Master Scuba diving trainer Captain Jerry Williams knows a bit about navigating open water?he's a US Coast Guard captain. He taps into his nautical experience at Keys Huka Dive, where he leads classes ranging from basic open water scuba diving to dive master classes. During sessions, Captain Williams and his staff teach everything from the basics to specialties such as digital underwater photography that doesn't require an underwater darkroom. They also helm hookah dives, which are a combination of snorkeling and scuba diving, as well as snorkeling trips that explore wildlife and reefs.
The Coral Restoration Foundation takes an active approach to restoring coral reefs. Its teams grow and plant new coral clusters in reefs near the Florida Keys and in tropical water around Colombia and Bonaire. Since it started restoring reefs in 2003, the team has outplanted more than 10,000 corals in local reefs with an 80% survival rate. They focus on two varieties of threatened coral?staghorn and elkhorn?which then provide shelter for a variety of fish species and preserve a delicate ecosystem.
Through collaborations with the Florida Keys National Marine Sanctuary and other friends, the Sanctuary Friends Foundation of the Florida Keys helps preserve, restore, and sustain the coral-reef ecosystem. Along with coastline-cleanup projects, its volunteers protect the coral reef through the mooring buoy program, and by teaching middle-school children how to remove invasive lionfish through the coral-reef classroom.
White Star Farms' paso fino horses chauffeur learning riders through 15 acres of undulating tropical farmland carpeted with lush lawns and hemmed with palm trees. During private lessons, experienced instructors saddle and dress steeds before showing aspiring equestrians the horseback-riding ropes. After students don protective helmets and parachute pants, the expert equestrian gently shepherds riders as they build confidence and trust with their four-legged companions. While galloping along, pupils glean tips on horseback-riding basics, such as holding the reins and controlling the horse. As time astride the smooth-riding paso fino horse lengthens, students may notice the breed's signature four-beat gait, an unmistakable rhythm rivaled only by a salsa-dancing bongo.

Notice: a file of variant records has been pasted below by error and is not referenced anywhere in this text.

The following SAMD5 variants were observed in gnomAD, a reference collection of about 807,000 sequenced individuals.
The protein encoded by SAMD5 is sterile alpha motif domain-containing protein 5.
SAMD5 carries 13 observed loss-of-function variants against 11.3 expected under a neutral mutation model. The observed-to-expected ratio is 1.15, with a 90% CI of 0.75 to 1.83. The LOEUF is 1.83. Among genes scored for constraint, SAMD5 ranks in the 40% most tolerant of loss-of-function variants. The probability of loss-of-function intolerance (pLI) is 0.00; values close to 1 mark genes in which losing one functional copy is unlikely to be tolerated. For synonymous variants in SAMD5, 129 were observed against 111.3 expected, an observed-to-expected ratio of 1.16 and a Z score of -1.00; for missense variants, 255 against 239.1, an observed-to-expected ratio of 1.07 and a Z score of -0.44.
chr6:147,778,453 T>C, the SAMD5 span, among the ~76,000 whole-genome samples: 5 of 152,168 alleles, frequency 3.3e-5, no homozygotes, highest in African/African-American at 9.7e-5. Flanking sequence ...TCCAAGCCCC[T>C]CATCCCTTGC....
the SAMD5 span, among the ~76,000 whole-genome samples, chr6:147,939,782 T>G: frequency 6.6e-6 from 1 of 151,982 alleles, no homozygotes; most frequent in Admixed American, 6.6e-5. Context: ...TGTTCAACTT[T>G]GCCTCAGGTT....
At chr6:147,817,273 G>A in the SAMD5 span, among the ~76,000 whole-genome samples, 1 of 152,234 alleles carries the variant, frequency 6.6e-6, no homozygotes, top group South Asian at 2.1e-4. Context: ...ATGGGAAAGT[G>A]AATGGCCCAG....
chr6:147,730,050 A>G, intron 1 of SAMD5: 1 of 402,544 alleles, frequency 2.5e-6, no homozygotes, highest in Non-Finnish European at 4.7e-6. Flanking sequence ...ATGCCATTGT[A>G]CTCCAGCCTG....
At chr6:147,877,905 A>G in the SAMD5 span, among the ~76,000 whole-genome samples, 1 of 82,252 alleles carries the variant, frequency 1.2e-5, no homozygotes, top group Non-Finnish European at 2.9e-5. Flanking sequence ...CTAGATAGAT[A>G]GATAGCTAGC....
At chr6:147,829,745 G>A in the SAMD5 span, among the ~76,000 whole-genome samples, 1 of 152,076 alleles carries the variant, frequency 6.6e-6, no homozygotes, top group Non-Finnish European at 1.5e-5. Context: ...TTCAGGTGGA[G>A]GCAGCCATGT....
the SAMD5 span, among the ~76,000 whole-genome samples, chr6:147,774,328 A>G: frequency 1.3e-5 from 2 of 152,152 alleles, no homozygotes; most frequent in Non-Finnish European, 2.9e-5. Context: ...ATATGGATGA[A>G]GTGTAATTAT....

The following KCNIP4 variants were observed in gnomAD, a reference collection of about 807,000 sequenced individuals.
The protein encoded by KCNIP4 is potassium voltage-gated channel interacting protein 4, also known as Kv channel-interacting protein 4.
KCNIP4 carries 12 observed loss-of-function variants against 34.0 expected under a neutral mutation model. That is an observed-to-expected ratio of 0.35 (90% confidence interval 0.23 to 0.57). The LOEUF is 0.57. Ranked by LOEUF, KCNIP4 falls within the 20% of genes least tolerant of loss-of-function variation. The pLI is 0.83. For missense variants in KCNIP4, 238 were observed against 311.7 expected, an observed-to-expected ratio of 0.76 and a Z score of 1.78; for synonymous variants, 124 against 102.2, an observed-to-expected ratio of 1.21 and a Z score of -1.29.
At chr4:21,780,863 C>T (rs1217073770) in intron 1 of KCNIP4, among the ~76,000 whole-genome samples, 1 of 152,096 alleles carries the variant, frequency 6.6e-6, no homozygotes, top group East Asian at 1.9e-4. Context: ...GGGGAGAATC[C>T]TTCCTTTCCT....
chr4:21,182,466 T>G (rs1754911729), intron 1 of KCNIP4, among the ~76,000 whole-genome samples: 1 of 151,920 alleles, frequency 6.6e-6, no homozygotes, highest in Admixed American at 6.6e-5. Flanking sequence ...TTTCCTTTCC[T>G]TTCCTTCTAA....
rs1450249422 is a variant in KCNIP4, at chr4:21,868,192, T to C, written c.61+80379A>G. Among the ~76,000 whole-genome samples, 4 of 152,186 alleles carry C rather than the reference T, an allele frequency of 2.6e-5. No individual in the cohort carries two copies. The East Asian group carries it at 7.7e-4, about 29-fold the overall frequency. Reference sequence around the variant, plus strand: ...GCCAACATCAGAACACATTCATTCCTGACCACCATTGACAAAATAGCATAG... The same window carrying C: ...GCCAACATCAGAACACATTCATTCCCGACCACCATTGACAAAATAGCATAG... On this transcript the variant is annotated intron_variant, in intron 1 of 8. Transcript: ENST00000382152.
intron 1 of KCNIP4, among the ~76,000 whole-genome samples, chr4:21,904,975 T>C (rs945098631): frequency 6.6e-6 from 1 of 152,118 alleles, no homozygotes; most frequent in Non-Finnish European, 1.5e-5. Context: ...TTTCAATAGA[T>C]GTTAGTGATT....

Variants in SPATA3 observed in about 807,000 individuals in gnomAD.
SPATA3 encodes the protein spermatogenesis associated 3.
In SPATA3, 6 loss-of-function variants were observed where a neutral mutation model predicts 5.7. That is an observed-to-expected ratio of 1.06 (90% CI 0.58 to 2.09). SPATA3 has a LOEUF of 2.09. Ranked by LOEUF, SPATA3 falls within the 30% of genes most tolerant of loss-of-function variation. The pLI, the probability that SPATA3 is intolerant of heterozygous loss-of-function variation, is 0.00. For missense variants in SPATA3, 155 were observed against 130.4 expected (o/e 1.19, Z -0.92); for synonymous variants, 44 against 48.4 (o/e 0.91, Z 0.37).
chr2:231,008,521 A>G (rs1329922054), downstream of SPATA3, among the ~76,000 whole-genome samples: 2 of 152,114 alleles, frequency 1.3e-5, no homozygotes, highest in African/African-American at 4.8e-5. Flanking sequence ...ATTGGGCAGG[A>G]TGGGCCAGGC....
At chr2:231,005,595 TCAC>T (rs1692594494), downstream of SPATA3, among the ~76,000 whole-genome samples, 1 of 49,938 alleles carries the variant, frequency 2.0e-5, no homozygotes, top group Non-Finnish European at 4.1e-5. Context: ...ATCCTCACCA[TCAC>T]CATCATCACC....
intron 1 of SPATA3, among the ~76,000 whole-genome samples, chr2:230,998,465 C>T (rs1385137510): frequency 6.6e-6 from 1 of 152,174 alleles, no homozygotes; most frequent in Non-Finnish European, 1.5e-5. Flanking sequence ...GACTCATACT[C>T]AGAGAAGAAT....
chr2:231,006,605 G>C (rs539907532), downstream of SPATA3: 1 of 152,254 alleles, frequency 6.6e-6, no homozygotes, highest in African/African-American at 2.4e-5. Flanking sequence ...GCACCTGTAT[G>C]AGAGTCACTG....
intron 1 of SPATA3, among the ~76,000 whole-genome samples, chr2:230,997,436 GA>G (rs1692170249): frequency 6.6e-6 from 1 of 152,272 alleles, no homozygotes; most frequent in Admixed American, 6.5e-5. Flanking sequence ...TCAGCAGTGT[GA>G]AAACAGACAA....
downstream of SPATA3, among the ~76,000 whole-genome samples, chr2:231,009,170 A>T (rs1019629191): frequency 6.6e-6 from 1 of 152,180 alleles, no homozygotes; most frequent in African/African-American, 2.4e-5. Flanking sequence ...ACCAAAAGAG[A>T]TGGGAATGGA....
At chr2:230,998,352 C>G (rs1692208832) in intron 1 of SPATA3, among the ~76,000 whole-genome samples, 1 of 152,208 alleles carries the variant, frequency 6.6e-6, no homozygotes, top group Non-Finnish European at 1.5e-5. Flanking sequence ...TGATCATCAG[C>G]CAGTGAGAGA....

We spoke with Jack Macaluso?Regional Social Media and Web Coordinator at Beauty Schools of America?about how the academies prepare students for careers in the real world and why it's important for the schools to give back to their communities.
On the schools' mission
Above all else, Jack says that the schools "try to focus and harness the students' creativity," while giving them all of the experience and practical skills they need not simply to be prepared to enter the work force, but to succeed and thrive. The relatively lengthy training programs ensure that aspiring stylists, cosmetologists, makeup artists, barbers, and massage therapists fully understand the intricacies of their chosen specialty, as well as what they need to do to continue advancing their future career according to Jack.
On the role of the instructors
With a roster of instructors that includes industry professionals with international spa and salon experience, Beauty Schools of America strives to give attendees a broad view of the numerous options open to them. Jack is also clear that the teachers' guidance isn't limited to classroom environments. When the advanced-level students are allowed hone their talents by performing treatments for actual clients, "an instructor or two will always be there to assist and answer questions," he says.
On the products that the students use during treatments
Students use brand name products like Moroccanoil, Sojourn, Nioxin, and others. Working alongside their instructors at modern service stations, these stylists use these products to craft en vogue cuts, color, styling and therapeutic practices.
On the schools' charitable involvement
Beauty Schools of America embraces opportunities to give back to its communities while providing real-world experience for students at the same time. Jack goes on to describe events where the schools' aspiring barbers and cosmetologists performed complimentary services for underprivileged residents, and he mentions one specific occasion when massage students provided free treatments for community members who participated in a bike ride dedicated to raising awareness about multiple sclerosis.
Rocky the tiger, Chewy the camel, and a literal rescue of other animals such as alligators, chameleons, owls, and wolves are just a few of the critters that take up residence at the nonprofit Everglades Outpost Wildlife Refuge and Rescue. Though their pasts aren?t necessarily happy?all of the facility's animals are taken in due to neglect, improper care, or injury?the staff of loving volunteers ensures each story ends happily and each tail continues to wag as they revive and nurse native and exotic animals from all walks of life back to health. In addition to the refuge, which is open to the public, the Everglades Outpost Wildlife Refuge and Rescue also conducts educational events and outreach programs.